President Joe Biden has proposed a $2 trillion infrastructure investment plan that would strongly seek to raise the U.S. corporate tax rate from 21 percent to 28 percent as a major source of funding, but few in Washington, including White House officials, really think the corporate tax rate will finally rise to that figure.
Biden was asked by a reporter Wednesday if he would be willing to accept a corporate tax lower than 28 percent, and he made it clear that he was not averse to making compromises.
“I’m willing to listen to that, and I’m not at all averse to it,” Biden said.
Reuters interviewed more than 10 top corporate executives and White House officials involved in promoting the infrastructure plan. Most of those interviewed expect the White House and business groups to compromise and accept a 25 percent corporate tax rate, a figure neither side wants but both sides can live with.
“We don’t like it, but we expect it will be 25 percent,” said a lobbyist for a leading U.S. energy company, speaking on condition of anonymity. “If that’s the case, we will consider that a victory.”
The tax cuts advanced by former President Donald Trump and the Republican Party in 2017 lowered the U.S. corporate tax rate from 35 percent to 21 percent, but many large U.S. companies pay much less in taxes. Increasing corporate payments in the more than $4 trillion federal budget is a key part of Biden’s plan to restructure the U.S. economy. The plan is intended to reduce inequality and counteract the rise of China.
Tax and legal experts say U.S. multinationals, including Alphabet Inc’s Google, Facebook Inc and Merck, have been good at reducing their tax burdens.
Amazon Chief Executive Bezos said Tuesday that he supports a corporate tax rate hike as part of an infrastructure reform plan. Biden said last week that Amazon is one of 91 Fortune 500 companies that “use multiple loopholes to avoid federal income taxes,” in contrast to middle-class families who pay more than 20 percent of the tax rate.
Biden’s infrastructure and investment plans include building bridges and paving roads, financing affordable housing and senior care workers.
In addition to raising the corporate tax rate, the White House is pushing to implement a corporate minimum tax burden in the U.S. and around the world and to strengthen enforcement of the tax code, U.S. Treasury Secretary John Yellen said Wednesday.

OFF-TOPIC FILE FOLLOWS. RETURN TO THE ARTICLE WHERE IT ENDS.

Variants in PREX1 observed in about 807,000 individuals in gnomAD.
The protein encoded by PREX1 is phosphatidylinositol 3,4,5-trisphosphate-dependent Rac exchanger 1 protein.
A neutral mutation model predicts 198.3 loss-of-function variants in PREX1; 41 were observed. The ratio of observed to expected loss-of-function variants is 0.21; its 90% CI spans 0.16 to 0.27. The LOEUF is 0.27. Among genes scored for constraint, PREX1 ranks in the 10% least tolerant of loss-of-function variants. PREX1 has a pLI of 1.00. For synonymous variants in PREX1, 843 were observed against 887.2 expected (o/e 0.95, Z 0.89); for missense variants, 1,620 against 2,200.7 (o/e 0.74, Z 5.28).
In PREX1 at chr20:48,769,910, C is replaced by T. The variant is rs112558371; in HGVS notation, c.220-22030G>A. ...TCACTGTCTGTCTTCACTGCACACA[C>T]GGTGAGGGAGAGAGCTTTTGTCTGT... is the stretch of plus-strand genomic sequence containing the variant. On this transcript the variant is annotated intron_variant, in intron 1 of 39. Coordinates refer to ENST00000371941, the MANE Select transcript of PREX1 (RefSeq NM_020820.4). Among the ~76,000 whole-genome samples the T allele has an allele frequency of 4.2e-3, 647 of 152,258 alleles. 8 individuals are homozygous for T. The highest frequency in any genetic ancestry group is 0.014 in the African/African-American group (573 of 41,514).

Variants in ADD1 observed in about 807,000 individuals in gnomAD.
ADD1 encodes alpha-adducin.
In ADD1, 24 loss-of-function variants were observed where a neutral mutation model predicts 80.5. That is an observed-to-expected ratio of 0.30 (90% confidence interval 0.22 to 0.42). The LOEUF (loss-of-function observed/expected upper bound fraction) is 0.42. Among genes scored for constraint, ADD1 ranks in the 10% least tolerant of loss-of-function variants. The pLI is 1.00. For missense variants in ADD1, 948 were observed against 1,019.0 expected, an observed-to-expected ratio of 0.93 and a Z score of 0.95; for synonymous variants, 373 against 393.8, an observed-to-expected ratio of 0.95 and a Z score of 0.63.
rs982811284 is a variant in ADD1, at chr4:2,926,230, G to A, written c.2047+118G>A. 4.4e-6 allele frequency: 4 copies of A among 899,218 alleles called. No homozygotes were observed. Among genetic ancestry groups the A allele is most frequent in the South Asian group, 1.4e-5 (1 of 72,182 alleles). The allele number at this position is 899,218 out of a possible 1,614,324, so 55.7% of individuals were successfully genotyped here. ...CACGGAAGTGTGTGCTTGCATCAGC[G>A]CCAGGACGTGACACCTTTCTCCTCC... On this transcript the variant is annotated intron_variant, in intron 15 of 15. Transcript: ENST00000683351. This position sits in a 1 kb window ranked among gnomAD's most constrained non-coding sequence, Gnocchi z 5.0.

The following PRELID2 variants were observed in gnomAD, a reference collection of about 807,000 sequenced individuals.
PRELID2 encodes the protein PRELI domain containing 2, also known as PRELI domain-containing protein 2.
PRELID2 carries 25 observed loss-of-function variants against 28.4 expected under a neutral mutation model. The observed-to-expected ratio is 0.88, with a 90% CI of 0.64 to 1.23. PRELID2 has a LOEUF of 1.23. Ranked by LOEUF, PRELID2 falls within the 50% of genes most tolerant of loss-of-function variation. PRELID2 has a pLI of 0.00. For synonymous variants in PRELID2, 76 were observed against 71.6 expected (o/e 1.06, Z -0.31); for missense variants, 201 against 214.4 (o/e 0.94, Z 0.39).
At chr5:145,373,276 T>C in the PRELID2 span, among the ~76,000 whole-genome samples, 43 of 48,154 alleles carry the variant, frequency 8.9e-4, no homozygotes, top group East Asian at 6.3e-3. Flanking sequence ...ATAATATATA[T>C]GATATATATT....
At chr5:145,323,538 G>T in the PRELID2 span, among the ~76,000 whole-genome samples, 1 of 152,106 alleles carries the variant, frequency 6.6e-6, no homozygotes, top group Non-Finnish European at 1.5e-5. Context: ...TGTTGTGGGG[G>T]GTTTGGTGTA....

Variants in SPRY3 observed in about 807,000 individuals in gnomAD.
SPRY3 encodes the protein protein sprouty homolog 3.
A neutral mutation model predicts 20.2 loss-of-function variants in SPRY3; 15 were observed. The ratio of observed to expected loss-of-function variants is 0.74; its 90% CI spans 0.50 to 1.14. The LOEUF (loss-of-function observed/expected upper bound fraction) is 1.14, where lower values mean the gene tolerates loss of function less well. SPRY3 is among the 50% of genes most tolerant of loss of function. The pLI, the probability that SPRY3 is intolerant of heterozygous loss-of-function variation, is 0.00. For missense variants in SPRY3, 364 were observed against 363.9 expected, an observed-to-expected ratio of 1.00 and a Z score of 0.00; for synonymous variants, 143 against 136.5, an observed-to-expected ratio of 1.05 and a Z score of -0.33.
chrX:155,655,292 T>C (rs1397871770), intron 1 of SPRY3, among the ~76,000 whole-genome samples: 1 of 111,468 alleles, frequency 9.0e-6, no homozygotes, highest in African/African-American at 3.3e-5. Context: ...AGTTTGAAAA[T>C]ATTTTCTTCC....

Trade groups, including the U.S. Chamber of Commerce, and Sen. Joe Manchin, a Democrat, have said the 28 percent tax rate is too high; Manchin, who is from West Virginia, has taken moderate positions on certain issues. Manchin, however, has indicated that he may support a 25 percent tax rate. The Senate currently has 50 seats each for Democrats and Republicans, so Manchin’s support is crucial to the bill’s passage.
The White House knows the tax rate increase to 28 percent will face opposition, including from some Democrats. Three administration officials familiar with the discussion told Reuters that the White House is now preparing to discuss alternatives, including setting the tax rate at 25 percent.
Unlike the epidemic assistance bill, which has generated a sense of urgency because of the impending expiration of unemployment benefits, the White House believes the infrastructure plan can be debated and expects Congress to play a more critical role. The epidemic assistance bill was passed by Congress and signed into law by President Biden in mid-March.
In 2013, then-Vice President Biden and President Obama proposed lowering the corporate tax rate from 35 percent to 28 percent, and the tax rate for manufacturers to 25 percent, but were blocked by Republican lawmakers. So far, Republican lawmakers have not expressed support for raising the corporate tax rate and have criticized the plan as too large.
“The debate is welcome. Compromise is inevitable. Change is certain,” Biden said in a speech at the White House on Wednesday. He said he would soon invite Republican lawmakers to the White House to confer and that the administration is “open to good ideas and good faith consultations.”
According to the Committee for a Responsible Federal Budget, a nonprofit public policy organization, raising the corporate tax from 21 percent to 28 percent is expected to generate $850 billion in tax revenue, which would account for a large portion of the money needed for Biden’s base-building plan.
If the corporate tax were raised to 25 percent, the committee said, it would bring in slightly less than $500 billion in tax revenue, and Democrats would have to seek additional sources of tax revenue or cut spending.
Given Biden’s campaign promise not to raise taxes on Americans earning less than $400,000, that makes raising the gas tax or introducing taxes such as the drive-through tax politically unfeasible.
“It’s a very difficult tax commitment,” said Maya MacGuineas, the committee’s chairwoman.